If Florida law enforcement officer pulls you over for suspected drunk driving, you may be asked to do a few things. One of these includes stepping outside of your vehicle and submitting to field sobriety tests. These tests are comprised of various tasks designed to test a driver’s cognitive abilities and physical reactions. Failing a sobriety task could indicate a driver is impaired.
It may be in your interests to know what to expect from a sobriety test in the event law enforcement ever stops you for suspected impaired driving. If asked to submit to a sobriety test, you may want to know what these tests include and what happens if you don’t pass. Knowing what to expect can help you identify problems with your interactions with law enforcement, including possible violations of your rights.
Three types of tests
There are three standard field sobriety tests that law enforcement may perform in the field. They test a driver’s balance, coordination, reactions and other things that may allow an officer to know if he or she should perform additional testing in the form of a chemical test. Officers receive training on how to perform these tests in order to ensure they are fair and accurate. The three standard field sobriety tests include:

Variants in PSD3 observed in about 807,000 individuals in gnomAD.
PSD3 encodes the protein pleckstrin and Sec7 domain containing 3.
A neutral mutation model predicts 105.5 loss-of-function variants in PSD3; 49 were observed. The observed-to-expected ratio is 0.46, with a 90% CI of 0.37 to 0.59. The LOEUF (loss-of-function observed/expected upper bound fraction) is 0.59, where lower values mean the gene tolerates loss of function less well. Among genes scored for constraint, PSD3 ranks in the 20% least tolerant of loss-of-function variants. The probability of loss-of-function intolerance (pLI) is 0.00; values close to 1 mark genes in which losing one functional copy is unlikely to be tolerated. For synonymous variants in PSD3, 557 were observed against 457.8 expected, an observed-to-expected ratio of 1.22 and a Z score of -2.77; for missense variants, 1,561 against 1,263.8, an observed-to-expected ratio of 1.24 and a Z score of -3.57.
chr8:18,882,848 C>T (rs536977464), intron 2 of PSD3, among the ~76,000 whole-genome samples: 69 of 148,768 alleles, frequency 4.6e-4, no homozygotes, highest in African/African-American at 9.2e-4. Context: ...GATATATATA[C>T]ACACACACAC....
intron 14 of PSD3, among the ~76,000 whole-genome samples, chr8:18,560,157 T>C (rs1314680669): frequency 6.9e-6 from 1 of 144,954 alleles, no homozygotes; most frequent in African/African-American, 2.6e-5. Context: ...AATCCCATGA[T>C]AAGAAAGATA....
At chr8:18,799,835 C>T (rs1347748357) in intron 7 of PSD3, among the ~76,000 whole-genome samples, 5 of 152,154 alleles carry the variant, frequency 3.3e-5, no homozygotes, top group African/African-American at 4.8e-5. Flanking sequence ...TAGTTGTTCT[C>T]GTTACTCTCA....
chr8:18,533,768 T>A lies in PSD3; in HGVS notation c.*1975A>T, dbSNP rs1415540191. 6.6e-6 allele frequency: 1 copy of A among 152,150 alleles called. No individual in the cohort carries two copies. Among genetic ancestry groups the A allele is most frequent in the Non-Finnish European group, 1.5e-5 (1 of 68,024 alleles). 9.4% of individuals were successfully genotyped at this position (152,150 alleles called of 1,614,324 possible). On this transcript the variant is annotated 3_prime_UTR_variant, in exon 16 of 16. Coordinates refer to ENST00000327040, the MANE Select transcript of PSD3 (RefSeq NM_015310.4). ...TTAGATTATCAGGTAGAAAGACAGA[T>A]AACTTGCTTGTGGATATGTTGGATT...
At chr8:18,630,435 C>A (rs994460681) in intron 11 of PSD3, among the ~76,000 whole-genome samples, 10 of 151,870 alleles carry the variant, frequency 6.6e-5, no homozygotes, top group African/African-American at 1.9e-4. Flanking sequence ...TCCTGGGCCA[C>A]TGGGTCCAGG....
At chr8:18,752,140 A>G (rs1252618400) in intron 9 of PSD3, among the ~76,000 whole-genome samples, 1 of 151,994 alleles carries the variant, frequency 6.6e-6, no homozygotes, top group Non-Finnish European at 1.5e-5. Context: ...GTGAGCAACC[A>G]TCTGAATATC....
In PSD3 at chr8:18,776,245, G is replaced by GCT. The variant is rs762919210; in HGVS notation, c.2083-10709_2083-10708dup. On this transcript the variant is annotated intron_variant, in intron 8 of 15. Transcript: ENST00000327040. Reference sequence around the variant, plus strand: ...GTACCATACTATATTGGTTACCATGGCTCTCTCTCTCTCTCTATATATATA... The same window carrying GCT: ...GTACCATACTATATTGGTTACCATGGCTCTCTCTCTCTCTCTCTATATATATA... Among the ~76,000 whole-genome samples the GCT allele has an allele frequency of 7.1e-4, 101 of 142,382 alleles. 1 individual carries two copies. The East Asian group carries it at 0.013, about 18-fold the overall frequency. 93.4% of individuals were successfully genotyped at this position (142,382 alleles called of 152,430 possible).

- Walk-and-turn test – During this test, a driver will take nine steps forward walking heel to toe, then turn around and return to the starting point. This test looks at balance and ability to follow instructions.
- Horizontal gaze nystagmus – During this test, an officer will ask a driver to follow an object with his or her eyes, such as a pen or flashlight. This allows the officer to look for a jerking of the eyeballs, which is something that can indicate intoxication.
- One-leg stand test – During this test, an officer will ask a driver to balance on one leg for about 30 seconds. This tests a driver’s balance, instruction-following capabilities and swaying.
It can be frightening to find yourself pulled over for suspected drunk driving. If asked to submit to sobriety tests, you will find it beneficial to know what to expect and how you can protect yourself. If charged with drunk driving, you have the right to present a strong defense, fighting to protect your future interests and possibly avoid a conviction.